When it comes to cash transfer programs like welfare for single parents and especially mothers, most of the evaluation and economic modeling efforts have focused on how those programs impact the amount of paid work single parents do. However, there's been less attention to the value of parental time and how that matters for children's development. For this podcast episode, we hear from economist Joseph Mullins of the University of Minnesota, who developed an economic model for U.S. cash transfer programs that attempts to place an accurate value on parents' time when assessing cash transfers programs. He says his model suggests a very different structure for our cash transfer programs if we want to best balance children's need for money resources and parental time for their healthy development.  Link to the paper:    
30:01 9/15/22
Nick Hillman on the Federal Student Loan Forgiveness Act
The Biden administration's plan to alleviate federal student loan debt has the potential to reduce the debt of approximately 43 million Americans, and almost half of those borrowers will have their debt forgiven completely. The move has prompted praise from some, and strong criticism from others. In this episode, we’re joined by Professor Nick Hillman, who studies educational inequality, college affordability, and student loan debt and default. Hillman is a professor in the Department of Educational Leadership and Policy Analysis at the University of Wisconsin-Madison. He also directs the Student Success through Applied Research Lab, which is a research-practice partnership with the university's Division of Enrollment Management and Office of Student Financial Aid. Hillman is also a faculty affiliate at IRP and at the La Follette School of Public Affairs.
27:25 8/31/22
Youth Trauma and Resilience in Contexts of Poverty with Noni Gaylord-Harden, Jocelyn Smith Lee, and Alvin Thomas
IRP recently hosted Dr. Noni Gaylord-Harden, Dr. Jocelyn Smith Lee,  and Dr. Alvin Thomas for a webinar conversation on Youth Trauma and Resilience in Contexts of Poverty. They discussed how a growing body of research has begun to change understandings of how toxic environments can affect young people, particularly African American boys and young men and how research, policy, and practice can incorporate these lessons. More information about the webinar can be found at 
64:11 8/18/22
Casey Stockstill on Economic and Racial Segregation in Preschools
For this episode, we hear from Dr. Casey Stockstill about research she did to better understand economic and racial segregation in preschools. Dr. Stockstill spent time observing in two highly rated preschools in the same city: One was a Head Start location where nearly all of the children were students of color and from lower income families and the other was a private preschool in a more affluent part of town where nearly all the students were white and from higher income families. Her observations offer insights about how inequality and segregation in early childhood education can play out in the classroom for students and their teachers. 
35:08 7/25/22
Kathryn Edin on the 25th Anniversary of "Making Ends Meet"
2022 marks the 25th anniversary of the publication of Making Ends Meet: How Single Mothers Survive Welfare and Low Wage Work, by Kathryn Edin and Laura Lein. The book was based on interviews with low-income single moms that took place between the late 1980s and early 1990s. Edin and Lein detailed the women's household budgets, the strategies they used to support their families, and the unforgiving choice between welfare and low-wage work.  In this episode, we hear from Kathryn Edin about what she learned from talking to these mothers and about the changes in U.S. antipoverty policy in the 25 years since Making Ends Meet was published.  A transcript for the episode is available at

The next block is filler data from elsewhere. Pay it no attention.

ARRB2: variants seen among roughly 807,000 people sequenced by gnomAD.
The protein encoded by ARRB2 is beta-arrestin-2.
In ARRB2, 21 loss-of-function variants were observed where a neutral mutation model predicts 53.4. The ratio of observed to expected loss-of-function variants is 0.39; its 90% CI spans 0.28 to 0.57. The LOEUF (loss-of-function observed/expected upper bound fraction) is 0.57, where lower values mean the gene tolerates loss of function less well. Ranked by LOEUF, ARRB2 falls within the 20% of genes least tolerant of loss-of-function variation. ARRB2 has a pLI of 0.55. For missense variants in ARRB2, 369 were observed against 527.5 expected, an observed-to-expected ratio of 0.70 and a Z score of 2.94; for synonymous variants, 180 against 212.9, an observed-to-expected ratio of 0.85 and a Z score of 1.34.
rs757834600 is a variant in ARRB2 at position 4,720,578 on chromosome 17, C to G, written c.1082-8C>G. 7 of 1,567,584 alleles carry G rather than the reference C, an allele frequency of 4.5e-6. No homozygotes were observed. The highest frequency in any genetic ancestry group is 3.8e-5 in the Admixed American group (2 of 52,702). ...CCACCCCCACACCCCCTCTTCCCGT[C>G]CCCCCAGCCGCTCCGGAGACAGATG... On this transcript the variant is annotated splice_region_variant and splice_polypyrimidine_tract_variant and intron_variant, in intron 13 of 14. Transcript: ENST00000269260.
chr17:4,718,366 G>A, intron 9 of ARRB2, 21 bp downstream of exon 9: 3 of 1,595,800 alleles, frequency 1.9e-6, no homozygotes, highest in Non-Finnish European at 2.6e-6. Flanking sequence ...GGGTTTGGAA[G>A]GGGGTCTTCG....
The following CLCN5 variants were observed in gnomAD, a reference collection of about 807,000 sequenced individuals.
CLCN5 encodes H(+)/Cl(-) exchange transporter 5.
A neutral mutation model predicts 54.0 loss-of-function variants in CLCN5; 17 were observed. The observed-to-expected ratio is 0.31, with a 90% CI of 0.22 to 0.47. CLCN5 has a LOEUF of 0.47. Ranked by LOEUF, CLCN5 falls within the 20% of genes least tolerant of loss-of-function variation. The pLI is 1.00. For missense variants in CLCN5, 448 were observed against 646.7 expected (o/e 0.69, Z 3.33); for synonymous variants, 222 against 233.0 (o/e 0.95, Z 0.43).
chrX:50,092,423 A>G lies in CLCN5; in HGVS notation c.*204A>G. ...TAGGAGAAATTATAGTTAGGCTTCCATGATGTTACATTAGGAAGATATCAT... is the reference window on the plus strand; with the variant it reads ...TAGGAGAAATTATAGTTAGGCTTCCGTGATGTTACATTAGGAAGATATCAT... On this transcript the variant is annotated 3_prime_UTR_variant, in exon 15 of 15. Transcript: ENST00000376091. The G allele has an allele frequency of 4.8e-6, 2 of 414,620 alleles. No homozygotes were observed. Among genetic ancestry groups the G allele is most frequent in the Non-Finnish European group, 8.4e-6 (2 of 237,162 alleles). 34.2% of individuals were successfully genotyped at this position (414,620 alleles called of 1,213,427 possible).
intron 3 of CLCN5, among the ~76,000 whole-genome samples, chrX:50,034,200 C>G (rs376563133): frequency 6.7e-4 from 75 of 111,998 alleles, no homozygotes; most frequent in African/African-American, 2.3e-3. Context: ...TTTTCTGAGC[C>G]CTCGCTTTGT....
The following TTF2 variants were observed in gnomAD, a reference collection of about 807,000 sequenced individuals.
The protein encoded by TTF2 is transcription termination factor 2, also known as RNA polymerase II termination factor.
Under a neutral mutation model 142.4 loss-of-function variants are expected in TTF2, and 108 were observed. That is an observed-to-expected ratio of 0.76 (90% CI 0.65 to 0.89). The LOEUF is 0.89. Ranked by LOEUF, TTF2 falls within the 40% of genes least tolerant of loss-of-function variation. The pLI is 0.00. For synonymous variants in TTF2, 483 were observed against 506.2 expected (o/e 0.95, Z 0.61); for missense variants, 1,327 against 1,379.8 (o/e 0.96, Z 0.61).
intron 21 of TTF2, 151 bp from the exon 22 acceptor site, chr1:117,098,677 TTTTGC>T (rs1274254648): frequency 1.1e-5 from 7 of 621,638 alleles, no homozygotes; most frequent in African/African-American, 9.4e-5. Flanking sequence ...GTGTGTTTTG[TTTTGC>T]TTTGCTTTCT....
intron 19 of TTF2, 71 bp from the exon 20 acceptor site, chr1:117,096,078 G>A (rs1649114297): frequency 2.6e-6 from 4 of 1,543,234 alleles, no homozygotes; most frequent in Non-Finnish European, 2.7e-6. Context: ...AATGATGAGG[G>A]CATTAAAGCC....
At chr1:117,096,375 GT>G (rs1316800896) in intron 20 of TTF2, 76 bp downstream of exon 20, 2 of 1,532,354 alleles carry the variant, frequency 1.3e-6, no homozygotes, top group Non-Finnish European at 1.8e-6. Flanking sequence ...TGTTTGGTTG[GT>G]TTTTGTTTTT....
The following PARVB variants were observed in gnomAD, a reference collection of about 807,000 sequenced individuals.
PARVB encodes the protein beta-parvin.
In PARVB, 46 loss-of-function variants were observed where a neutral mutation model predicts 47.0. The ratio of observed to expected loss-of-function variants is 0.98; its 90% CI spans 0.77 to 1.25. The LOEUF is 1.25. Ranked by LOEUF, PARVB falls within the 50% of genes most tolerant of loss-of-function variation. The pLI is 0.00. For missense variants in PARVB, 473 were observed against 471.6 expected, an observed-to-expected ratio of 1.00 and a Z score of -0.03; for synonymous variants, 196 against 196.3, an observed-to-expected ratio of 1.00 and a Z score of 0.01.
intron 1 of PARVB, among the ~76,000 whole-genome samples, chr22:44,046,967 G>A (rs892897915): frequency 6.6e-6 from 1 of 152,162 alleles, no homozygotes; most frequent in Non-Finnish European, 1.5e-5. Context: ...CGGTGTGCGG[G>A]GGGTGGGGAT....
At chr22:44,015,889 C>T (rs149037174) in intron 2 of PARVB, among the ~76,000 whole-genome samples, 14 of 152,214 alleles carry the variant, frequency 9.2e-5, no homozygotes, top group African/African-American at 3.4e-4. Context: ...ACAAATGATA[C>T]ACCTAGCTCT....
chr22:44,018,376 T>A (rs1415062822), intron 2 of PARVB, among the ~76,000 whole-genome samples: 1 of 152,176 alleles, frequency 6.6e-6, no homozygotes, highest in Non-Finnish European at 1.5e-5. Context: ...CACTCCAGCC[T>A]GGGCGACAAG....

39:19 6/15/22
Zawadi Rucks-Ahidiana on Race and the Financial Toolkit
Where we get information about money and how to manage it can have long-lasting impacts on financial security and wealth accumulation. While there are some commonly shared sources of information that shape our attitudes and beliefs, there are also some significant differences across racial and ethnic groups. In this episode, Dr. Zawadi Rucks-Ahidiana joins us to discuss her recent paper titled, “Race and the Financial Toolkit: Bridging Cultural Theories to Understand Behavior and Decision Making in the Racial Wealth Gap.” Rucks-Ahidiana is an Assistant Professor of Sociology at University at Albany, State University of New York. Her research investigates how race informs gentrification, how the news media represents gentrification, and how culture contributes to the racial wealth gap. She is also a former IRP Emerging Poverty Scholar.
24:44 6/2/22
Brieanna Watters and Robert Stewart on Native Americans and Monetary Sanctions
In this episode of the Poverty Research & Policy Podcast, we hear from Brieanna Watters and Robert Stewart about a paper they coauthored* on Native Americans and Monetary Sanctions involving the criminal legal system. They discuss how Native American experiences in relation to the legal system are often unique, how the rural nature of Indian Country matters when it comes to policies around fines and fees, and how their research in Minnesota finds higher levels of fines and fees for Native American defendants, particularly in areas near reservations.  Watters is a Ph.D. candidate in sociology at the University of Minnesota, and Stewart is an assistant professor in the Department of Criminology and Criminal Justice at the University of Maryland.  *The paper discussed in the episode was coauthored by Stewart, Watters, Veronica Horowitz, Ryan Larson, Brian Sargent, and Christopher Uggen. You can find it in a special issue of RSF: The Russell Sage Foundation Journal of the Social Sciences at  
35:13 5/16/22
José Pacas on the Puzzle of Measuring Rural Poverty in the Supplemental Poverty Measure
In this episode, we hear from José Pacas about data challenges involved in measuring rural poverty in the Supplemental Poverty Measure or SPM and how the subtleties of poverty measurement can have real world implications for the lived experiences of low-income people in rural places.  Dr. Pacas is currently serving on a National Academy of Sciences, Engineering, and Medicine panel on Evaluation and Improvements to the Supplemental Poverty Measure. He is Chief of Data Science and Research at Kids First Chicago and was previously a researcher at IPUMS at the University of Minnesota. Dr. Pacas was a 2019-2020 fellow in the IRP Scholars in Residence Program. 
34:59 4/29/22